More woven shibori scarves.
More woven shibori scarves.

Here, the warping mill doubles as a display rack for more scarves and three or four “rag” (batik) table runners.

Dried lavender sachets.
Dried lavender sachets.

I had a nice stack of woven shibori samples, pieces left from the ends of warps, along with indigo-dyed PFD cotton swatches that I use to “test” the vat before immersing the handwoven scarves.  I’d thought about what I might do with them, and decided, three days before the art tour, to make sachets.  Muslin squares were stitched together, filled with dried lavender, and hand-stitched closed.  Then the outsides were rotary cut, machine sewn, the inside “lavender pillow” placed inside, and the outside was hand-stitched closed.  The fragrance is wonderful!  Several sold, a couple friends each received two, and now I need to stitch up more and take them to Artistree Gallery in Land O’ Lakes, along with new woven shibori scarves that are in the process of being woven.

Autumn view, from my loom.
Autumn view, from my loom.

I tried to catch the view from my loom, looking towards the lake, but couldn’t get a good photo through the screen, so,…

My view of the lake and autumn trees.
My view of the lake and autumn trees.

I stepped out onto the porch, walked to where my loom bench is, an took this photo,… Torch Lake, and woods in autumn.

Looking west from the end of the lakeside porch.
Looking west from the end of the lakeside porch.

The oak tree leaves are particularly brilliant and colorful this fall.  Maple, birch, and other leaves a bit less so, and they lost their leaves quickly.  The contrast between the evergreens, colorful leaves, and blue sky is beautiful!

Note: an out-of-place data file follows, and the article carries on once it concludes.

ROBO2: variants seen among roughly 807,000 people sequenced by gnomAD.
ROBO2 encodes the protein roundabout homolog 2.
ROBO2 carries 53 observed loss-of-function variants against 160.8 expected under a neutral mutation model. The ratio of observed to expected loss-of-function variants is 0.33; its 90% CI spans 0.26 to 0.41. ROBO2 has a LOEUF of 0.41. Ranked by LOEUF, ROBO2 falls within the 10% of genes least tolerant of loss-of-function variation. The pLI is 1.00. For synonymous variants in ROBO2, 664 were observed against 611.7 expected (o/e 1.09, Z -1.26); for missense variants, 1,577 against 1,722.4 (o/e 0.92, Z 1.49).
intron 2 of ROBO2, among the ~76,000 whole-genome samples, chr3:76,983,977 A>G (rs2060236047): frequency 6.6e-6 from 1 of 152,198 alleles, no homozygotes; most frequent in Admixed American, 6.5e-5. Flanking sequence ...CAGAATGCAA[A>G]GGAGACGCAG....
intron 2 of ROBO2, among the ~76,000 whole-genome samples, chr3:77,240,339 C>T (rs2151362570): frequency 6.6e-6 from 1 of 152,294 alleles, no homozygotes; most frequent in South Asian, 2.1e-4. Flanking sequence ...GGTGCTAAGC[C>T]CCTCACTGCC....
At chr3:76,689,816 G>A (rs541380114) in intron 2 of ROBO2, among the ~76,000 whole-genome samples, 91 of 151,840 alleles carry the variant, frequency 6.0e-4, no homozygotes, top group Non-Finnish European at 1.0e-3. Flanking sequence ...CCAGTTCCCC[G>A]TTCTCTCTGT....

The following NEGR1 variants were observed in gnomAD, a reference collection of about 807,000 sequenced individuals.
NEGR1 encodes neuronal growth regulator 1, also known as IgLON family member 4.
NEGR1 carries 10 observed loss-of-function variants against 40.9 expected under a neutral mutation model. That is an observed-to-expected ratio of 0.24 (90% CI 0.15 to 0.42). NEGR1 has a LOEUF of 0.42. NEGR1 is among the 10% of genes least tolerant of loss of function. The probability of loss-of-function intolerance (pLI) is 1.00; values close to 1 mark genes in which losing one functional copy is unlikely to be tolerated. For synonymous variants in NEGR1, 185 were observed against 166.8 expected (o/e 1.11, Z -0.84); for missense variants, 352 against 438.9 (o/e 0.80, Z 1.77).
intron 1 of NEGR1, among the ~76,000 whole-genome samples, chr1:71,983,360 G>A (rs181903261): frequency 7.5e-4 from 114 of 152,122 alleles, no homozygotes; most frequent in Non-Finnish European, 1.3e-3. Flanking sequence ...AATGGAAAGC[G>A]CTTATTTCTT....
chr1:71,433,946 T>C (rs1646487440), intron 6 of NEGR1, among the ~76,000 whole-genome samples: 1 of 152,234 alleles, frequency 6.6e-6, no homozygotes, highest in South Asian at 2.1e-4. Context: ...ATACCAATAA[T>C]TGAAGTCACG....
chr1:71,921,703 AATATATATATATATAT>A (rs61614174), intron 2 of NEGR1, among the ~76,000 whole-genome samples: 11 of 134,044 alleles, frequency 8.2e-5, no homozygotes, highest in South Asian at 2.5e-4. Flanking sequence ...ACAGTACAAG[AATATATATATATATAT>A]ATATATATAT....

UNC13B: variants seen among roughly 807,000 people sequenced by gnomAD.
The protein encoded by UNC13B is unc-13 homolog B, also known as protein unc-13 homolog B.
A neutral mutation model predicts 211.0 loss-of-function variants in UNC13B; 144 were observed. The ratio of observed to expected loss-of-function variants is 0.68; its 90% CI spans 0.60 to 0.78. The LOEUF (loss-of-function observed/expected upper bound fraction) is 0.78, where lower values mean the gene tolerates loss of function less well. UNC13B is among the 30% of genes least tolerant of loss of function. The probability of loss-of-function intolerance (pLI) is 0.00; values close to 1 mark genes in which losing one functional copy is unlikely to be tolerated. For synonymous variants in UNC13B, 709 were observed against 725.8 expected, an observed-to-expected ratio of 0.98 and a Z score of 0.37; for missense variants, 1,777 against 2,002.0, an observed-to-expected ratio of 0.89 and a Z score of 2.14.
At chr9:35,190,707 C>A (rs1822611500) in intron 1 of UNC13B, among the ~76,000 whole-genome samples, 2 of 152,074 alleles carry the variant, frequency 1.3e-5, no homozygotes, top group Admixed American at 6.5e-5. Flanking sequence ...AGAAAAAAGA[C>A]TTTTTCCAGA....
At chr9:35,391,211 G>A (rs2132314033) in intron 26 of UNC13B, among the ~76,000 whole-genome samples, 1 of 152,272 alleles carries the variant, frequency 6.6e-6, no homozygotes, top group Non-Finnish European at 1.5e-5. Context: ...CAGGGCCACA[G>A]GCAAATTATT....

Now, it is time to get back to my loom, weave many more scarves, sew more sachets, an of course, begin “sock season.”  A few orders came in, along with a scarf order, so I have many weeks of work ahead of me,  I will also be trying woven shibori as a garment before too long, and I am really looking forward to that!

Sarah Zindel, Celtic Wolf Studio, jewelry artist.
Sarah Zindel, Celtic Wolf Studio, jewelry artist.

My daughter, Sarah Zindel, Celtic Wolf Studio, was my guest artist on the fall art tour.  She demonstrated shaping of stones an enjoyed discussing jewelry and stones with our many visitors.

Sarah Zindel's jewelry  displayed for sale.
Sarah Zindel’s jewelry displayed for sale.

Sarah currently specializes in variations on “Tree of Life” designs, along with necklaces made from stones and fossils collected along the Lake Superior shore.

All in all, it was a very enjoyable art tour, an we’re looking forward to welcoming people to our studios in 2016!